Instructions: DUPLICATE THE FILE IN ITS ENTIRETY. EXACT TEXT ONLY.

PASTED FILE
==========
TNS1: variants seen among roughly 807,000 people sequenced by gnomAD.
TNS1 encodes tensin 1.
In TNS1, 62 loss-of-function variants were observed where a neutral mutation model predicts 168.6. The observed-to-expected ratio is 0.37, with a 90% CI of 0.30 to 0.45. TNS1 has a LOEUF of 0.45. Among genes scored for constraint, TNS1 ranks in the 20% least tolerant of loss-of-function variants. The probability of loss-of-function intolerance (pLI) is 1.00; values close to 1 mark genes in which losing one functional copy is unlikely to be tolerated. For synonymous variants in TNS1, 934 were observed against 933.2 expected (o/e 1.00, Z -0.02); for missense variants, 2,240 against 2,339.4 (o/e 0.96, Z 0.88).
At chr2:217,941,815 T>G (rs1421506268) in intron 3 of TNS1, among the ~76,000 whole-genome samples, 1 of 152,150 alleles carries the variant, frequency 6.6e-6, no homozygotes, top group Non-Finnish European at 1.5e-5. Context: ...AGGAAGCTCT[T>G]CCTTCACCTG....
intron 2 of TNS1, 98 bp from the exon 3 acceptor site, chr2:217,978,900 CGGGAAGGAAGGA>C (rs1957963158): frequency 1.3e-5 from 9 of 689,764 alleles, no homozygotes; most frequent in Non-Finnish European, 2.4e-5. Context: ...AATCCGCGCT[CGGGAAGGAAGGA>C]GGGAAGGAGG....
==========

TNS1: variants seen among roughly 807,000 people sequenced by gnomAD.
TNS1 encodes tensin 1.
In TNS1, 62 loss-of-function variants were observed where a neutral mutation model predicts 168.6. The observed-to-expected ratio is 0.37, with a 90% CI of 0.30 to 0.45. TNS1 has a LOEUF of 0.45. Among genes scored for constraint, TNS1 ranks in the 20% least tolerant of loss-of-function variants. The probability of loss-of-function intolerance (pLI) is 1.00; values close to 1 mark genes in which losing one functional copy is unlikely to be tolerated. For synonymous variants in TNS1, 934 were observed against 933.2 expected (o/e 1.00, Z -0.02); for missense variants, 2,240 against 2,339.4 (o/e 0.96, Z 0.88).
At chr2:217,941,815 T>G (rs1421506268) in intron 3 of TNS1, among the ~76,000 whole-genome samples, 1 of 152,150 alleles carries the variant, frequency 6.6e-6, no homozygotes, top group Non-Finnish European at 1.5e-5. Context: ...AGGAAGCTCT[T>G]CCTTCACCTG....
intron 2 of TNS1, 98 bp from the exon 3 acceptor site, chr2:217,978,900 CGGGAAGGAAGGA>C (rs1957963158): frequency 1.3e-5 from 9 of 689,764 alleles, no homozygotes; most frequent in Non-Finnish European, 2.4e-5. Context: ...AATCCGCGCT[CGGGAAGGAAGGA>C]GGGAAGGAGG....